How can the state not revise its revenue estimates with double-digit monthly shortfalls in tax revenue?
The holiday season will be an uneasy time for state employees. The legislature demonstrated high optimism in budgeting 3.8 percent pay raises for state employees for each of the two-year biennium back when times seemed relatively flush, so much so that Gov. Mike Beebe saw no problem in a further tax cut on groceries. But, of course, the second year was only an estimate and the state is already spending from reserves to balance the budget. The official spending next year will be the work of the first constitutionally mandated fiscal session in early 2010. Will that pay raise survive?
Lottery foes have begun to suggest that lottery spending is a contributing factor to the state revenue decline. It's a theory with some surface appeal, but it needs some careful analysis. 75 percent of the ticket purchases continue to circulate in the economy -- lottery salaries (thank you Ernie P. for your support), commissions to retailers, payments to vendors, spending by winners on things other than lottery tickets. The amount that will reach college students is nothing less than a 25 percent state tax on the lottery for scholarships and that money certainly will circulate in the economy.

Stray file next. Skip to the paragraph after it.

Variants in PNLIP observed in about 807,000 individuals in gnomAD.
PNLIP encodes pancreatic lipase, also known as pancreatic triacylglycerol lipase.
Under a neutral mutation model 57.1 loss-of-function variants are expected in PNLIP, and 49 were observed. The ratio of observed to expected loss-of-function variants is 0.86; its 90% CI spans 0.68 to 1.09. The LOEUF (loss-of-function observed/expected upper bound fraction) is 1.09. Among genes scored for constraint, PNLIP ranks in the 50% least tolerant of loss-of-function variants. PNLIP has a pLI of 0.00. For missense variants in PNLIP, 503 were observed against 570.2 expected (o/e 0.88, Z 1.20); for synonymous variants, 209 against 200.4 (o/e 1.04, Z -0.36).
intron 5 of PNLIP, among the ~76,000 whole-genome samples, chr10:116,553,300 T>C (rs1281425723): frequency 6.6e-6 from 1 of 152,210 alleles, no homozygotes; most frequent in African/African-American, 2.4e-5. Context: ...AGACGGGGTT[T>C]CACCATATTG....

What if $400 million in lottery sales went wholly for taxable groceries? That would be $12 million in sales taxes. About double that if every dime bought a new car instead. A chunk of change, but not a life altering amount on a $6 billion state budget. Also, absent the lottery, not all the alternate spending would be in taxable transactions.
Surely, with the rich lottery experience in the U.S., somebody has studied this question of net impact of lotteries on state revenue. Let me know if you find anything, readers.